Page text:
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Taiwan’s soft power helps Belize City rejuvenate its old Downtown

Taiwan’s soft power helps Belize City rejuvenate its old Downtown

Secretary General of the TaiwanICDF, Amb. Timothy T. Y. Hsiang, was invited to an opening ceremony held on June 29 for the new Yarborough basketball court, one of the physical components of the Belize City House of Culture and Downtown Rejuvenation Project (Project) implemented jointly by the International Cooperation and Development Fund (TaiwanICDF) and the Ministry of Tourism and Civil Aviation (MoTCA) of Belize. A large audience from the local community was present at the event, as were Mr. Yashin Dijon, CEO of the MoTCA, Ms. Tracy Taegar Panton, minister of Economic Development, Petroleum, Investment, Trade, and Commerce, and Ms. Joan Tillett, principal of Wesley College.

Yarborough Green is one of the few public spaces in the old Downtown area of Belize City where citizens can enjoy leisure activities, but it had been poorly maintained for years. Recognizing this area, which extends to the south of the House of Culture and encompasses the Yarborough Green and the historical Yarborough Cemetery, as an important living space for the locals, the project components include physical improvement to the Yarborough Green. The new basketball court is one such component, designed so that citizens and students of the nearby Wesley College can play sports even in bad weather. To support the Project, some local elites donated new basketballs and sports equipment at the opening ceremony.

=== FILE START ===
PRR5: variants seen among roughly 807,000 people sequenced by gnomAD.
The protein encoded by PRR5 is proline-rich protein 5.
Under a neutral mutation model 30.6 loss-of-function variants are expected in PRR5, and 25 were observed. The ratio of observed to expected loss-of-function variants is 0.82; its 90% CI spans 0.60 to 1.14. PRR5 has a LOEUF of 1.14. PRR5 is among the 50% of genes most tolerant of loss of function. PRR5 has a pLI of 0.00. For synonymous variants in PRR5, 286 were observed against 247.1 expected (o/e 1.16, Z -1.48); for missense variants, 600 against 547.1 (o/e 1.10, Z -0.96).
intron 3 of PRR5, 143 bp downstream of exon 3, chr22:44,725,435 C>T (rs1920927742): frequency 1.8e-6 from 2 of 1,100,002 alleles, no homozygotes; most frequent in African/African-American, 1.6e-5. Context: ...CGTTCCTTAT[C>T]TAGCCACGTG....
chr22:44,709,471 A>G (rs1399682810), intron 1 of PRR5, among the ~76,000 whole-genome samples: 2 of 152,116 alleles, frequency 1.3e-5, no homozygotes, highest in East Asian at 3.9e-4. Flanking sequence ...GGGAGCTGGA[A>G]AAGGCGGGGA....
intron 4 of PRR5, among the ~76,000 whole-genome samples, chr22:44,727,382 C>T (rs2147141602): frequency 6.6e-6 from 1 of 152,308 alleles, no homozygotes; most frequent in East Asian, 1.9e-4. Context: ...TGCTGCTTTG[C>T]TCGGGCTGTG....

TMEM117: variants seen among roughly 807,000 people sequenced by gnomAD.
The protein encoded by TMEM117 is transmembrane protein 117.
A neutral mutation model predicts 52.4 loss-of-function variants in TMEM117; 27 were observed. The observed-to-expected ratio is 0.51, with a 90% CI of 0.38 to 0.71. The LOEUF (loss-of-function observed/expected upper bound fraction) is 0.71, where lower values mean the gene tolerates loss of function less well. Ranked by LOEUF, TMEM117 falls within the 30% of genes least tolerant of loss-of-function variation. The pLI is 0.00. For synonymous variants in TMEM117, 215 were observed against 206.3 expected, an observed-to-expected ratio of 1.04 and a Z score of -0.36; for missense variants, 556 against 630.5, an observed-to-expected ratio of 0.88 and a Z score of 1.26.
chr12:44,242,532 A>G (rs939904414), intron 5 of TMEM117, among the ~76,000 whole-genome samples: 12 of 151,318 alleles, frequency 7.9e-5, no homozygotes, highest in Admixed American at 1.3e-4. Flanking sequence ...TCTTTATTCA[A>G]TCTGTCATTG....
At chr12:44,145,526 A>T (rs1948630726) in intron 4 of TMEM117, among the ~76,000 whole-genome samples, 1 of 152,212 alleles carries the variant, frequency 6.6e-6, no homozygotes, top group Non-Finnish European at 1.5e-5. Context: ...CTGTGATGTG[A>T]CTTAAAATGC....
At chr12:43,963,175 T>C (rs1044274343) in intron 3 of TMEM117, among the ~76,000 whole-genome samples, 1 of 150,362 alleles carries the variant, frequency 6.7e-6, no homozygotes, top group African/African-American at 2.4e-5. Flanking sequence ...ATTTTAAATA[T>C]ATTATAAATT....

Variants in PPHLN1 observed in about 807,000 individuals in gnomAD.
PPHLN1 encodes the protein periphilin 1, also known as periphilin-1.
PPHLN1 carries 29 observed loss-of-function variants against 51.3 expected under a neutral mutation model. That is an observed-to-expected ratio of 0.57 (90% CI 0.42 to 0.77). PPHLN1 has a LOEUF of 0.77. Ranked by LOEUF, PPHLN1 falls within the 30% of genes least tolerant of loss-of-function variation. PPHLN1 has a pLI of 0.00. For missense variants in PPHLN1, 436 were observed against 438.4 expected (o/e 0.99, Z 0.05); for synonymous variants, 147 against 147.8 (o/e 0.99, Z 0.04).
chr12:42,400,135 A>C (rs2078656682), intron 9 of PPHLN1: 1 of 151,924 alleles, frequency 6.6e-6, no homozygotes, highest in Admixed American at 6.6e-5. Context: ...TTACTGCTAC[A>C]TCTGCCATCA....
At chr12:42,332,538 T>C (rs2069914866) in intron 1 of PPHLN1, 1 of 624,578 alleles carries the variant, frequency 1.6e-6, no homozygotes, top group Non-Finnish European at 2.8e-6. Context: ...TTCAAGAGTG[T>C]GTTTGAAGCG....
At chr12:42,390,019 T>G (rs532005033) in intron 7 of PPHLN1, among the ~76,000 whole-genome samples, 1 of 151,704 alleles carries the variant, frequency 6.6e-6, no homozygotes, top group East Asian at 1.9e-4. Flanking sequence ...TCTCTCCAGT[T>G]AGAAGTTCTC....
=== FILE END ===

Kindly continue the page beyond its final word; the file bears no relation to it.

“Years ago, we sent a participant to a TaiwanICDF workshop on community development,” said Ms. Panton in the opening speech. “The person came back to Belize City with a dream to help promote the Project. Thanks to the TaiwanICDF loan and technical advice from the Taiwanese experts, the project sites are one by one coming to realization.”

The Project is the first community development project in Belize in which Taiwanese experience played a key role since concept formation. To rejuvenate the old Downtown of Belize City, government officials and local residents have been working together with Taiwanese experts with the vision to turn this area into an eco-museum. The cultural heritage sites and historical buildings to be restored or reconstructed include colonial icons such as the Government House and St. John’s Cathedral, both of which are more than 200 years old. Meanwhile, public space will be improved for local residents to enjoy a better living environment. The Project emphasizes community participation through activities such as percussion summer camps, history competitions for middle school students and oral history training, with an aim to cultivate among citizens a sense of identity and the importance to preserve local cultural heritage.

With its expected impact on inclusive and sustainable tourism, a key element in the UN Sustainable Development Goal 11, the Project was chosen and showcased by the Technical University of Berlin as a case study at the 9th World Urban Forum held in Kuala Lumpur this February. The lecturer shared with participants from both the public and private sectors in urban development and cultural tourism the value of Taiwan’s soft power in helping its partner country achieve development goals.

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  • Date:2018/8/3